CAMDEN, N.J.– Approximately 1,680 feet of aging water main will be replaced in Union beginning this week by New Jersey American Water.

The project also includes replacing three fire hydrants and 36 utility-owned service lines along the pipeline route. The company will upgrade the aging 6-inch water lines with new, 8-inch ductile iron main along the following streets:

  • Stockton Road from Yorktown Road to Salem Road
  • Cambridge Drive from Yorktown Road to Salem Road
  • Meade Terrace from Yorktown Road to Salem Road

New Jersey American Water’s local contractor, Montana Construction Inc., will begin work on or about April 2 and expects to finish by the end of June, weather permitting. Work hours will be from 7 a.m. to 5 p.m., Monday through Friday. Work outside these hours is not expected unless required to maintain project schedule. Final street restorations will be completed in the summer of 2020.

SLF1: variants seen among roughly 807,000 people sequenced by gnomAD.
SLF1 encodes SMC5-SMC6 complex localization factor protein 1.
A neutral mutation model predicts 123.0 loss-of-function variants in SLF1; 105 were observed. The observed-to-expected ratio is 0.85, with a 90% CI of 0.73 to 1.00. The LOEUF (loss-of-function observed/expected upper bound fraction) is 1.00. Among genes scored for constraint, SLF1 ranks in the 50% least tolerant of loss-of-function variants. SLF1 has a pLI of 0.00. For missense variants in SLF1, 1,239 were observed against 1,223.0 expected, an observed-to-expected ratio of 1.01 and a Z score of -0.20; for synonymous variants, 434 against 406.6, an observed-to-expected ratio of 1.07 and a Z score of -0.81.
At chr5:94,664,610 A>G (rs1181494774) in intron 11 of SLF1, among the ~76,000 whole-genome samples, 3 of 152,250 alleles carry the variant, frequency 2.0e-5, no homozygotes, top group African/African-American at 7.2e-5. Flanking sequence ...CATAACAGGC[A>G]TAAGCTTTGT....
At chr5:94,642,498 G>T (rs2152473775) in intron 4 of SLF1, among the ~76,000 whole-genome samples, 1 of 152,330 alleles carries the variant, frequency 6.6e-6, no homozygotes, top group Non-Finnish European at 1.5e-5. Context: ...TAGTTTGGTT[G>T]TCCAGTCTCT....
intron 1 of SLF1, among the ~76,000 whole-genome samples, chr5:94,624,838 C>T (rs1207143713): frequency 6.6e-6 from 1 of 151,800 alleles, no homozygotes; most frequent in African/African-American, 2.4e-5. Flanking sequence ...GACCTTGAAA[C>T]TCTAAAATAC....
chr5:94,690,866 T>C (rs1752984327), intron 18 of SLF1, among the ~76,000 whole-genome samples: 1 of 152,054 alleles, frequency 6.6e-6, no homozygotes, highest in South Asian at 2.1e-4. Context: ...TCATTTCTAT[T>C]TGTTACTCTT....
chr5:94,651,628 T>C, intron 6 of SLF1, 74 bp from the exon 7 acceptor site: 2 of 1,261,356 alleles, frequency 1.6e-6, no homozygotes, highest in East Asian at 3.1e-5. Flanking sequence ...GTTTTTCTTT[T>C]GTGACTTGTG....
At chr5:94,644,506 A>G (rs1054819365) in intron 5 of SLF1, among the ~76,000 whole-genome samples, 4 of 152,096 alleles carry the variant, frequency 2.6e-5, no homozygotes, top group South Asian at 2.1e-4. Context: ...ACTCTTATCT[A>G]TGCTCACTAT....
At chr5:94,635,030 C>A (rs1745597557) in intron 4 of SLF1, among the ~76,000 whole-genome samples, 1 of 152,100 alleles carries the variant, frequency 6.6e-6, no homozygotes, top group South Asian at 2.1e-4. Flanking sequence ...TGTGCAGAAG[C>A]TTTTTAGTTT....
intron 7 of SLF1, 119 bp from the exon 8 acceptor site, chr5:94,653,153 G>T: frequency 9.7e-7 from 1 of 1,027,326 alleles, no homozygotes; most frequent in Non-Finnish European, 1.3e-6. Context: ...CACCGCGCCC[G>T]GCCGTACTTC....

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For the public’s and workers’ safety, traffic restrictions and/or alternating traffic patterns are likely to occur during work hours. All emergency vehicles and local traffic will be allowed access during construction. New Jersey American Water values the safety of its workers and advises drivers and pedestrians to take caution in the vicinity of work sites.

The company asks customers to recognize the essential work being done by its employees and contractors, and remind them to adhere to social distancing rules for everyone’s safety. If a customer sees a crew performing work in their area, and wishes to ask a question about it, they are encouraged to visit the website or the company’s Facebook or Twitter pages, or call Customer Service at (800) 272-1325.

According to New Jersey American Water, the $427,000 investment will continue to advance water service reliability and increase water flows for household consumption and fire protection in Union. The improvement is part of New Jersey American Water’s multimillion-dollar initiative to accelerate the renewal of water infrastructure that has reached the end of its useful life in more than 100 communities across the state.